The critical first step my executive job seeking clients and I collaborate on is job search targeting and research.
We determine what qualifications and qualities their target companies are looking for in candidates vying for the kinds of positions my clients are seeking.
Without knowing what their target employers want and need, we can’t possibly define my clients’ personal brand and ROI, and create resumes, bios, online profiles and other career marketing communications that will attract and resonate with their target audience, and clearly distinguish my clients as good fit candidates.
For a successful executive job search campaign, plan to spend some time researching – unless you already have plenty of in depth company and industry information.
Things to look for when you research your target companies:
- Company overviews and history
- Products and services
- Historical financials
- Challenges they’re facing right now
- Corporate culture
- Company leaders and key decision-makers
- Latest industry trends
- Recent press releases and relevant news articles
Why you need company and industry market intelligence:
→ To gain access to the goldmine of “hidden” or unadvertised executive jobs.
→ To determine how you’re uniquely qualified to help your target companies overcome current challenges.
→ To learn how to define your personal brand and ROI around your potential value to them.
→ To identify those all-important relevant keywords and phrases to use across your career marketing.
→ To identify the people at your target companies to connect with for insider information, introductions and leads.
→ To circumvent the gatekeepers, avoiding the HR-driven search process, by positioning yourself in front of and connecting directly with key decision makers.
→ To help you with due diligence when assessing potential employers.
→ To prepare you to speak intelligently about your target companies and industry when networking.
→ To help you nail interviews by being an informed, knowledgeable candidate.
Where to find company, industry, and people information:
Set up Google Alerts for the following, so that Google will email you the latest published information about these items:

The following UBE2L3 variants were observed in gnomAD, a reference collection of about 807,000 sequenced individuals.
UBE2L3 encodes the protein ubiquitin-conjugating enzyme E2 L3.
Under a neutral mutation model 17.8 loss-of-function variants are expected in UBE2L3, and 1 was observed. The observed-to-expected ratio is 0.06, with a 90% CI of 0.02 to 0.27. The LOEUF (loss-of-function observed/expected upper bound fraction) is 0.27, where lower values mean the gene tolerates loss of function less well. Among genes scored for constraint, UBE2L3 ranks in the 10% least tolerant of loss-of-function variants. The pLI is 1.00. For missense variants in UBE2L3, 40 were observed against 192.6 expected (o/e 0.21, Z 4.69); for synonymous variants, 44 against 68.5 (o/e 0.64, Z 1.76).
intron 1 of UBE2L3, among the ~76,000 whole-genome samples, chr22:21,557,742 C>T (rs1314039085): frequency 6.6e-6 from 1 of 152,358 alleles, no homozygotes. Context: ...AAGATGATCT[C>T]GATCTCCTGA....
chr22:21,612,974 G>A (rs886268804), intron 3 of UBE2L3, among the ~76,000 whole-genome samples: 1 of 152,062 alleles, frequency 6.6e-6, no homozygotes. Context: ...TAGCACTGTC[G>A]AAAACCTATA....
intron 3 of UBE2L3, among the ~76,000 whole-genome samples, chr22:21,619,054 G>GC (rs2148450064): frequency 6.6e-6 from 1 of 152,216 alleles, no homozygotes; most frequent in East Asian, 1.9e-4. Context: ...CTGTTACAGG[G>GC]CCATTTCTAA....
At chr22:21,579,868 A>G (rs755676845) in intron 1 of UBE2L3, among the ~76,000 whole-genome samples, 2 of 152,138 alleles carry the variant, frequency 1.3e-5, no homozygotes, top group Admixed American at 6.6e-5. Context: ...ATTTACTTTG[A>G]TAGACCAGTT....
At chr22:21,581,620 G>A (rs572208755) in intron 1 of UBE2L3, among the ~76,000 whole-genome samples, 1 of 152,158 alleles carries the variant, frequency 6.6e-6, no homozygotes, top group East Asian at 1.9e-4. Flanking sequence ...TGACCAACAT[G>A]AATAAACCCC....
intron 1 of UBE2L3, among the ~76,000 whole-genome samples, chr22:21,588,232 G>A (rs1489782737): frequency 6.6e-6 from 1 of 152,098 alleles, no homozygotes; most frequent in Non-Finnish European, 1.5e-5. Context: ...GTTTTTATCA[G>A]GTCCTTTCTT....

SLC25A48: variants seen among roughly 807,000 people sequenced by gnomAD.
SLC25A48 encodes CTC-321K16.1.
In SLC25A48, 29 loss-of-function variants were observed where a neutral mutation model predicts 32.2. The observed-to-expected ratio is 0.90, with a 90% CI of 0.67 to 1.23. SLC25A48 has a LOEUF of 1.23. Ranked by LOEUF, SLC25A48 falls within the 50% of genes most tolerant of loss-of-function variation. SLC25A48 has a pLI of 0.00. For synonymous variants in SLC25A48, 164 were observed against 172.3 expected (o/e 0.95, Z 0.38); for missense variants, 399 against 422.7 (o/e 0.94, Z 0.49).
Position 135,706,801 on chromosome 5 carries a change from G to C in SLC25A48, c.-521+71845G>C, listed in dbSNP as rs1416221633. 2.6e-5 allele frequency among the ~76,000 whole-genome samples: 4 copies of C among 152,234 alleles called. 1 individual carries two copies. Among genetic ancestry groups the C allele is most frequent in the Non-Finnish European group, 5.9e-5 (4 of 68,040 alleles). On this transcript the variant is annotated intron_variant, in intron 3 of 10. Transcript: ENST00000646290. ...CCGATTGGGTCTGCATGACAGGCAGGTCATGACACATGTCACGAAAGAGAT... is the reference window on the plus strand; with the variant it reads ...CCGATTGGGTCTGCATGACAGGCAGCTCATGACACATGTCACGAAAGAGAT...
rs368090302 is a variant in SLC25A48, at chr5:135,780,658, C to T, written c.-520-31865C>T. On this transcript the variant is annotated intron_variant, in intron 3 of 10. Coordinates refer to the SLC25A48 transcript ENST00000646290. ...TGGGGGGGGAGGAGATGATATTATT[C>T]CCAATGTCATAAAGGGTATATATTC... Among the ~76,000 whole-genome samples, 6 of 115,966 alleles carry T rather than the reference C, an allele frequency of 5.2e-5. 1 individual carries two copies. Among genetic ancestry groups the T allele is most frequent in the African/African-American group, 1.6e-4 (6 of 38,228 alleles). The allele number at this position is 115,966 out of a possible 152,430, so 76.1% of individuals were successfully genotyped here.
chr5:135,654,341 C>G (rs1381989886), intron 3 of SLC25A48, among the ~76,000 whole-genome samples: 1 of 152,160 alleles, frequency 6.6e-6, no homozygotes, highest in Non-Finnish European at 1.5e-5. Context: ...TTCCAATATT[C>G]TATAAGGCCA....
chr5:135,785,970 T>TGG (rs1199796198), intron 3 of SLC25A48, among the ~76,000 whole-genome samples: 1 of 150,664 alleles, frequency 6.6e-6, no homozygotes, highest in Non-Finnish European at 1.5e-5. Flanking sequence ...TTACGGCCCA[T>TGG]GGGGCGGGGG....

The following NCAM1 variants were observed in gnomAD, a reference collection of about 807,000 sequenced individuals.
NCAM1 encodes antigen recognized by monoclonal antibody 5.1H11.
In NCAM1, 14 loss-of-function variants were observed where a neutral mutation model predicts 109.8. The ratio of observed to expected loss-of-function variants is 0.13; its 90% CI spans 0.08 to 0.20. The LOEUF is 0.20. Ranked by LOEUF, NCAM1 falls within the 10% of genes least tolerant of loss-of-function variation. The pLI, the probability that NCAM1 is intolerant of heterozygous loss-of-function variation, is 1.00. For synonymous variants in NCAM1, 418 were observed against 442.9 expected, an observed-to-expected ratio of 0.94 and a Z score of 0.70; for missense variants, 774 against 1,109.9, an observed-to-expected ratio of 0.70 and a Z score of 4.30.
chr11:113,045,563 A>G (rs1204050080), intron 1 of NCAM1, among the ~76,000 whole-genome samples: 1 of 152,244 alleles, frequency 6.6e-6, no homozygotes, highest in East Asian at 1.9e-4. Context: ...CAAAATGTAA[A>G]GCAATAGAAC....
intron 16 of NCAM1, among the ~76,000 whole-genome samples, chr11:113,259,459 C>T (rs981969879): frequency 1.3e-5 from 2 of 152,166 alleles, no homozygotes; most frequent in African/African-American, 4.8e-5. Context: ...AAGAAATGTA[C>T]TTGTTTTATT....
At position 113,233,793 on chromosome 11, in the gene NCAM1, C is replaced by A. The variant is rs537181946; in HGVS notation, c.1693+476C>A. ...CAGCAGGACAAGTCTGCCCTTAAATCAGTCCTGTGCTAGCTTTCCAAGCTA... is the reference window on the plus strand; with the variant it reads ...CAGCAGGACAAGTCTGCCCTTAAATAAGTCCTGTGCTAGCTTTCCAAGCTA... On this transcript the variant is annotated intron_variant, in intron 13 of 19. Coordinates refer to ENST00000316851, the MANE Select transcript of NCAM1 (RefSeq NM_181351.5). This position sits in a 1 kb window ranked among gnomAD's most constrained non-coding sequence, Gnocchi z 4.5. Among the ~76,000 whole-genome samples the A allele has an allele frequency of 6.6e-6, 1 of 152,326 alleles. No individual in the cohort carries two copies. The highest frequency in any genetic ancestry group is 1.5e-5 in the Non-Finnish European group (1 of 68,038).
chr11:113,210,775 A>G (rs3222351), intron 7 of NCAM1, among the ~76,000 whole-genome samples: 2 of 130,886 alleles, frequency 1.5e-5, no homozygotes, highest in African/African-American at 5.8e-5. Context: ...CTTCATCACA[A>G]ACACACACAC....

- Names of your target companies
- Names of key decision makers in your target companies
- Key word phrases relevant to your niche
- Names of your target companies’ relevant products and services
Search company names, people, products, services.
Check each Company Profile and personal profiles of company leaders and key decision makers. Join the LinkedIn Groups that key decision makers belong to, listen to their conversations and contribute when you can help others and position yourself as a subject matter expert.
Search your target companies and key decision makers. Follow them, listen to them and retweet them regularly.
Lots of valuable info such as each company’s CEO (with contact info), revenues, profits, assets, market value.
Includes job listings, salaries and reviews by employees.
Up-to-the-minute financial news, key stats, company summaries, related company financials, market summaries and quotes, a stock screener, and so much other market information.
Find job descriptions that look like a mutual good fit. Use this information to align your qualities and qualifications with the requirements for your career target, and source relevant keywords and phrases.
Often overlooked, libraries are all about research and librarians are trained research experts. Tell them what you want to find out and they’ll lead you to the resources . . . possibly information you can’t find online.
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